Following an initial public consultation, a decision was made to stop operating from 12 buildings - with further work being carried out to identify another seven where services would cease, out of a list of 14.
The revised proposals were approved by members of the authority’s cabinet and will result in some centres continuing to deliver the services when they were originally due to see staff move out.
“There were too few staff covering the buildings and some of [them] were only delivering a service once a week,” Conservative member for health and wellbeing, Shaun Turner, told the cabinet meeting.
“Freeing up these buildings means a far more effective service can be offered from those that remain.
“It must be remembered that 97 percent of the total service is delivered into family homes - and the 2018 OFSTED inspection [of the county’s children’s services] found that this part of the service was making a real difference,” County Cllr Turner added.
Members also heard that some wellbeing services are now offered at “street level” and can be more reactive to issues like anti-social behaviour.
Several of the buildings which will see children’s services removed also provide other facilities - some delivered by the county council and others by third parties.
Labour opposition leader Azhar Ali, said consideration should be given to the wider impact of the changes on buildings like the Walton Lane Children’s Centre in Pendle, which also operates as a maintained nursery school.
“It would have a massive impact of the financial status of the nursery, which is already one of [those] in a difficult position,” County Cllr Ali said.
“County Cllr Turner and I visited the centre, and it was quite emotional, because some of the parents have kids with special educational needs and they talked about their experiences.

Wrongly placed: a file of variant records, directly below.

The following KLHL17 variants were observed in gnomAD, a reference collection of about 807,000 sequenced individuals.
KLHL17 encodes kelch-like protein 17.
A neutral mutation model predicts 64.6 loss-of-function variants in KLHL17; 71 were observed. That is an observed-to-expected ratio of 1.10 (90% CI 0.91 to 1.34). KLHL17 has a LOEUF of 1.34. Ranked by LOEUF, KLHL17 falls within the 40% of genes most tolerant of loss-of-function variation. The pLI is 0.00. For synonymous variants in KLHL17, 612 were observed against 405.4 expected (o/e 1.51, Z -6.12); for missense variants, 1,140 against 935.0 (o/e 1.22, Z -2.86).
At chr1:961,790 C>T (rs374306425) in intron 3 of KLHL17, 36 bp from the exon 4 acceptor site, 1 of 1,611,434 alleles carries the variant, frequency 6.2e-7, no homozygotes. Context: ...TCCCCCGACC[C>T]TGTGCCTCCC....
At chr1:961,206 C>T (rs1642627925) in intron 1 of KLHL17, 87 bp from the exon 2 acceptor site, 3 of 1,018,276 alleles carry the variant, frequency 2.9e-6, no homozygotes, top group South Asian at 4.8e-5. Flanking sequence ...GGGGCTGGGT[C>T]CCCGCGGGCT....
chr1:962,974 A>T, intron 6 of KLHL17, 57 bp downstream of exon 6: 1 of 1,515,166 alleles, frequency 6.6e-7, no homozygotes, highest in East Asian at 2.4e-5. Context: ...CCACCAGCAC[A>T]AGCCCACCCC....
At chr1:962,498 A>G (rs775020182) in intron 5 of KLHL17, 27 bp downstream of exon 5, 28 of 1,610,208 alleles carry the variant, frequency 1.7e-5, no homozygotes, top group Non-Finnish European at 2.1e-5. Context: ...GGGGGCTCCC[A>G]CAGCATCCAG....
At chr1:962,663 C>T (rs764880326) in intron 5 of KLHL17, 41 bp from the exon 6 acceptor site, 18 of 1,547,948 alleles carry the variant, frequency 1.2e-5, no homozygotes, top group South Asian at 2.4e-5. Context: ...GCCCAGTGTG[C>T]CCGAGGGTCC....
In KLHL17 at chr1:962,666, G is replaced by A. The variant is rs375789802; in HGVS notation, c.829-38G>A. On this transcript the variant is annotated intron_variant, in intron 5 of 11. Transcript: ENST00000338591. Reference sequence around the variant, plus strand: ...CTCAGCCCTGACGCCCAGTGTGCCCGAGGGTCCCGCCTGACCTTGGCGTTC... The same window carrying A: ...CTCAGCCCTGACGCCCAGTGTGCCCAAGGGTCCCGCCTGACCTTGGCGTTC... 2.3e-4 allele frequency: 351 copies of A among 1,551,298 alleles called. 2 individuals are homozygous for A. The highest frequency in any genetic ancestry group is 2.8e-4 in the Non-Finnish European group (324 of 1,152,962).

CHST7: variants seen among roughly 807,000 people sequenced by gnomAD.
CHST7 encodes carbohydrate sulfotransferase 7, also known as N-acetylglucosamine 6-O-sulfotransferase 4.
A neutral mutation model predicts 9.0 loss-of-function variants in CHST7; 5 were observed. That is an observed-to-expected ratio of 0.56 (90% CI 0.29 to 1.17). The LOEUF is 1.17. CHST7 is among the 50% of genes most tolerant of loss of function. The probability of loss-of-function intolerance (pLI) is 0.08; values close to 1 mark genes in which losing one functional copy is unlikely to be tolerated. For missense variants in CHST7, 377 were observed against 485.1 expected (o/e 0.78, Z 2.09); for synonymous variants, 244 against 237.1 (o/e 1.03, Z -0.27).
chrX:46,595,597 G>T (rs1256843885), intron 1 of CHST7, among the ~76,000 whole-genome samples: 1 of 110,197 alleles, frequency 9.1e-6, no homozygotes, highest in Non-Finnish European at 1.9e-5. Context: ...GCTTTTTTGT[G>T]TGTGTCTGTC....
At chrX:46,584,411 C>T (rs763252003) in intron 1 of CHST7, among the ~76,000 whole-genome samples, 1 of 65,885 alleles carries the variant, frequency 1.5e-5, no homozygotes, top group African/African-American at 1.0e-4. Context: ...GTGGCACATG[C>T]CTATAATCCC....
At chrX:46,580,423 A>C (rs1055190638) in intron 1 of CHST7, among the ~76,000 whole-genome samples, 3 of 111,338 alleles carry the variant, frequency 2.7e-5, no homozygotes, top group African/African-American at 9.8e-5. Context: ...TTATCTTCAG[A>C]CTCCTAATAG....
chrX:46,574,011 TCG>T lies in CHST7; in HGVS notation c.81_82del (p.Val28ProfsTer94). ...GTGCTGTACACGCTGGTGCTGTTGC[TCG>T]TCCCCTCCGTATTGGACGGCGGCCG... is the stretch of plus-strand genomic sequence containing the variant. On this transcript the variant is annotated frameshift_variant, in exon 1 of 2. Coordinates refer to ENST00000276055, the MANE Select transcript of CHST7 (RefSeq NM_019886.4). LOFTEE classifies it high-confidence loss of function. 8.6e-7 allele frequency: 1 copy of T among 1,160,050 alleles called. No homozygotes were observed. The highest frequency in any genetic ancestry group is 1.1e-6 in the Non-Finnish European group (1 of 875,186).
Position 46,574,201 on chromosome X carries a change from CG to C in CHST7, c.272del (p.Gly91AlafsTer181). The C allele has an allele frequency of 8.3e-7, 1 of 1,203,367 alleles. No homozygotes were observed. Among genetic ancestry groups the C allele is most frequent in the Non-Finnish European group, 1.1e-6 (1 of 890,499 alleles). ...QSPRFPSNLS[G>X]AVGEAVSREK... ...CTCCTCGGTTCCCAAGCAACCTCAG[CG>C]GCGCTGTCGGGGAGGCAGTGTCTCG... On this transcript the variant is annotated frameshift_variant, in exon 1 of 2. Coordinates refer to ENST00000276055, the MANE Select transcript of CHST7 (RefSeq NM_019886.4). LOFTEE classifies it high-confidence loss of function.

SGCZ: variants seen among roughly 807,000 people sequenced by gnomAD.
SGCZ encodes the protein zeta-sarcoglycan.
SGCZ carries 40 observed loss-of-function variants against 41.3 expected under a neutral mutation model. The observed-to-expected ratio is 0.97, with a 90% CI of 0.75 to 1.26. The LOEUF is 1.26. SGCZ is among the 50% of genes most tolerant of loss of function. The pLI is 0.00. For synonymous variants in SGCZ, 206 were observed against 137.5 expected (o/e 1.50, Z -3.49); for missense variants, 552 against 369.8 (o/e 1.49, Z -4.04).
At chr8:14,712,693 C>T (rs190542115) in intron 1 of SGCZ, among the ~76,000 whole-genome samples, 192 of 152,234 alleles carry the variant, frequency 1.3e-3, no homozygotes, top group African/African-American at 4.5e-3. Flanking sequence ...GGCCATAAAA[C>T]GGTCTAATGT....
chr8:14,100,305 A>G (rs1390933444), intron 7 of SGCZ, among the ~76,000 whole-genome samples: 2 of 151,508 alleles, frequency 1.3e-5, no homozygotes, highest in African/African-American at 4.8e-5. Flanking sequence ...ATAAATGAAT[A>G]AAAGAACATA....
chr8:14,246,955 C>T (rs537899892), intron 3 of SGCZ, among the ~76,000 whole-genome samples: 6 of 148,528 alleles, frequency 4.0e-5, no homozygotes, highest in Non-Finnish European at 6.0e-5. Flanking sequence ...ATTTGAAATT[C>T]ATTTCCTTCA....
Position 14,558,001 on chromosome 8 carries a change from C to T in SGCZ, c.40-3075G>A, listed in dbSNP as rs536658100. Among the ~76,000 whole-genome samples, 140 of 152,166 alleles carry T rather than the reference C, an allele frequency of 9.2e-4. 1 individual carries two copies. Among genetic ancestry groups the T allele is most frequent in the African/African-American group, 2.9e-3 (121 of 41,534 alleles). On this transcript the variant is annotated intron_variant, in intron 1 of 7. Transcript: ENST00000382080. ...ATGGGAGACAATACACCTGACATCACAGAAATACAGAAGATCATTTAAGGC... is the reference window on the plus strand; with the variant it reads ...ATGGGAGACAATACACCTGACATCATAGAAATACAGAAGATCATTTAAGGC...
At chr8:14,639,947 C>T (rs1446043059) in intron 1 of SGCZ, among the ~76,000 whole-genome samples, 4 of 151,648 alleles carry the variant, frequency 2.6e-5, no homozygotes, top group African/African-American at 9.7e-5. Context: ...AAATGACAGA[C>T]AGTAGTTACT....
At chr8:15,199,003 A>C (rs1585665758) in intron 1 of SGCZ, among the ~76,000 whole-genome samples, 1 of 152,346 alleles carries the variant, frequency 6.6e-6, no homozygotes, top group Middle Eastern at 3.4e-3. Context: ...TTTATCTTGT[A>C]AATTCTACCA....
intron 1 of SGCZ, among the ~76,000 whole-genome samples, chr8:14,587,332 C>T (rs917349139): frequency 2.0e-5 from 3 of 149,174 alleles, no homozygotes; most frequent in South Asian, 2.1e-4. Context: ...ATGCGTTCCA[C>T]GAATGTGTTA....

“If it wasn’t for the dedication of the staff and the support they have, those children would be lost in the educational system and many of those families who benefit from the service being based in the nursery wouldn’t have that support,” he added.
County Cllr Turner said he would be “lying if I didn’t say what a great job [the nursery] is doing”.
“The problem is the children and family wellbeing service is incidental to the main business... [and] the whole point is to try and make the [wellbeing] money work better,” he said.
The meeting heard that the final list had been drawn up after considering each building’s running costs and accessibility and the likely impact of any changes on the local community. Not all of the centres are council-owned buildings.
In a statement after the meeting, Edwina Grant OBE, executive director for education and children's services, said: "Our priority remains to provide the very best service we can to the people in Lancashire in most need of our support.
"After careful consideration and analysis of the results from the consultations, the cabinet has made a decision that will ensure that we can continue to provide the service to the people in our community that need it most.
"The work we do to support people isn't changing and we're not reducing the number of front-line workers that provide this valued service. However, by delivering the service from fewer venues we can make much-needed savings while still providing support to people who need it most."